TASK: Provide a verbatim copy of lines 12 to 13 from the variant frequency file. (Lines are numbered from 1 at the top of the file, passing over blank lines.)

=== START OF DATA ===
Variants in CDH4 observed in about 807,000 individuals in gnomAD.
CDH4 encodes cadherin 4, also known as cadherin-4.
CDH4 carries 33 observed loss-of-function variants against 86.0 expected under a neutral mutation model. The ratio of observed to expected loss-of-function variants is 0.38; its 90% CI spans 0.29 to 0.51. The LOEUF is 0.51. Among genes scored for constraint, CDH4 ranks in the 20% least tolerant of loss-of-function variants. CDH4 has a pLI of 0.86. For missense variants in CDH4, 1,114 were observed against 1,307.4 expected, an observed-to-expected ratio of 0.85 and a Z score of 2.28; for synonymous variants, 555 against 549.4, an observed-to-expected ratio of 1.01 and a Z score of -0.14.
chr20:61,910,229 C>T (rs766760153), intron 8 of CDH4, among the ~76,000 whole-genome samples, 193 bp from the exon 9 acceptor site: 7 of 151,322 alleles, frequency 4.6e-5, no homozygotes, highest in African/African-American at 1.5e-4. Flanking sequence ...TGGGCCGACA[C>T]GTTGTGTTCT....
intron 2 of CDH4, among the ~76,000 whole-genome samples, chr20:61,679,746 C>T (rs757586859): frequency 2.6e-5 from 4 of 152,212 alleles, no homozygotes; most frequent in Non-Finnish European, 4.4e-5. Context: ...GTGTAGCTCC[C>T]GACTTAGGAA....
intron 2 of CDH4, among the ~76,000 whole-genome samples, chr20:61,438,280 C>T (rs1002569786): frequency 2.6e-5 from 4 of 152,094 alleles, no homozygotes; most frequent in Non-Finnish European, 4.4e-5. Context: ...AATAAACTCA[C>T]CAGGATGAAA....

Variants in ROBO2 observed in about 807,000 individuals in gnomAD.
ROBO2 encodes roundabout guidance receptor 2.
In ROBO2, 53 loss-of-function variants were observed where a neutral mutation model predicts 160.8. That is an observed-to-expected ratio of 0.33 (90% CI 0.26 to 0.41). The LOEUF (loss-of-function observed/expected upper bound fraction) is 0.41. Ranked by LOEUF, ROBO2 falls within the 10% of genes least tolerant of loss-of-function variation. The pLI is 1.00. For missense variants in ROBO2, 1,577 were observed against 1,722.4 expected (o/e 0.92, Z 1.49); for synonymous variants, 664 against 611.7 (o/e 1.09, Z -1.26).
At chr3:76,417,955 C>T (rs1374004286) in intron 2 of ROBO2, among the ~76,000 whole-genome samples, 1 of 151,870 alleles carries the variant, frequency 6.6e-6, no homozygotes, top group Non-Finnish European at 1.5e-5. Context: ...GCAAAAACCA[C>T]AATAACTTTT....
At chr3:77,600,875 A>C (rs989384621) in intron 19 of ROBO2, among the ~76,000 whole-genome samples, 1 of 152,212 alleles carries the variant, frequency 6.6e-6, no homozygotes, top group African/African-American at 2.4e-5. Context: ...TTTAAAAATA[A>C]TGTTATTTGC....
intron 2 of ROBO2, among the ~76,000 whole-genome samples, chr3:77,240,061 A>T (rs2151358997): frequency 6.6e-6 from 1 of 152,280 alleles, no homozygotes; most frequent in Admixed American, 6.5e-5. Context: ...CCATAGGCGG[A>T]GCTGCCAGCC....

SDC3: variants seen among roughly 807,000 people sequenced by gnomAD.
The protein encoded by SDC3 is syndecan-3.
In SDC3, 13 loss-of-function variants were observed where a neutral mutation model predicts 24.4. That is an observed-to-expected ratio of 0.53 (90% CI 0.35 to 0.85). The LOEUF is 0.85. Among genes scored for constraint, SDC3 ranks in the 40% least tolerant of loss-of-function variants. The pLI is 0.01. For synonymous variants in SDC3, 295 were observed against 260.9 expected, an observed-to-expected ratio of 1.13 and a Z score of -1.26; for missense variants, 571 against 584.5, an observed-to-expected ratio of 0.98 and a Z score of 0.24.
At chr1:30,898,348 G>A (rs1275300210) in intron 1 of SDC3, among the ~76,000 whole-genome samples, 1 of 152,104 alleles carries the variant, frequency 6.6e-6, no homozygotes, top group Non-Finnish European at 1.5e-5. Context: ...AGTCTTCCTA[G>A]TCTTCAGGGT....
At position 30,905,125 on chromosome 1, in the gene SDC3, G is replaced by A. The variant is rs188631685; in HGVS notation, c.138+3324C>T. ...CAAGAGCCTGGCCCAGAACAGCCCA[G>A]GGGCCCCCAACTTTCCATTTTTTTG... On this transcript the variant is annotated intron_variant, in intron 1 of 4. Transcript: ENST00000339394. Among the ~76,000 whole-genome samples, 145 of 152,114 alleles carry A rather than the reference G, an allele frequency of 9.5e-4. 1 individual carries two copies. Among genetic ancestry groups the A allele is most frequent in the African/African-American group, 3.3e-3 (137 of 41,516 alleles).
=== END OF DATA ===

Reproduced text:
intron 2 of ROBO2, among the ~76,000 whole-genome samples, chr3:77,240,061 A>T (rs2151358997): frequency 6.6e-6 from 1 of 152,280 alleles, no homozygotes; most frequent in Admixed American, 6.5e-5. Context: ...CCATAGGCGG[A>T]GCTGCCAGCC....

SDC3: variants seen among roughly 807,000 people sequenced by gnomAD.